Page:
Opaque and Coloured Glasses and Ceramic Glazes of the same Nature JSGT_V07_T291-T295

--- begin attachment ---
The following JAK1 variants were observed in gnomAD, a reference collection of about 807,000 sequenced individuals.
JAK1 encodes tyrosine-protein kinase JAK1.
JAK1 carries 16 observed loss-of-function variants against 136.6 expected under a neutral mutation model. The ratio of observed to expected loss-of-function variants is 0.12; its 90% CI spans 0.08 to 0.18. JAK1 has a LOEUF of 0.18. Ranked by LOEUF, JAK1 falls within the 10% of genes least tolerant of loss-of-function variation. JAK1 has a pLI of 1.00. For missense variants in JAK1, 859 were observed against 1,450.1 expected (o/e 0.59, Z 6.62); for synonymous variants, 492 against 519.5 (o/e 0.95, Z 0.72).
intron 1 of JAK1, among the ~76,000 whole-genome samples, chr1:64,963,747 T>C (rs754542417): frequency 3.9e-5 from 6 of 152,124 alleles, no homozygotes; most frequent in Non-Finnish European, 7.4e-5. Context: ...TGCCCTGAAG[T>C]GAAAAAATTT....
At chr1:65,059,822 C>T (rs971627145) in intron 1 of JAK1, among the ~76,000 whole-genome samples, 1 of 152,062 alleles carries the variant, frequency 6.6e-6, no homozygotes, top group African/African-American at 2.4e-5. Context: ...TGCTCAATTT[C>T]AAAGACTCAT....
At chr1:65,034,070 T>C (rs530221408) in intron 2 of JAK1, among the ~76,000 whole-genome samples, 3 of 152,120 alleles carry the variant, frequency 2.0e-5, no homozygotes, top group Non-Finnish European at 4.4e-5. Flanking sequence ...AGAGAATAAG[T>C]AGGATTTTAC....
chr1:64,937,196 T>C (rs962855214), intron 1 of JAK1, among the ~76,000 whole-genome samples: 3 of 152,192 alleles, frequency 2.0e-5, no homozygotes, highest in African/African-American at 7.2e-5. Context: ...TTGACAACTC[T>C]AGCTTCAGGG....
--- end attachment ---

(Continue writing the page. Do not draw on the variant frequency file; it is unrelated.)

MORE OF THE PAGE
When seeking an explanation of the phenomena occurring during the opalisation of glasses, one is led to suppose that at a certain stage an insoluble body is produced, which remains in suspension in the vitreous liquid. On pushing the reaction further, one may finally obtain a glass which is completely opaque. Among the opacifying agents, the fluorides, fluorspar, and cryolite play an important part. With a certain charge, predetermined for a given glass, one may obtain an opaque glass on first pouring, but with a smaller quantity the same opacification is only obtained on reheating the glass.
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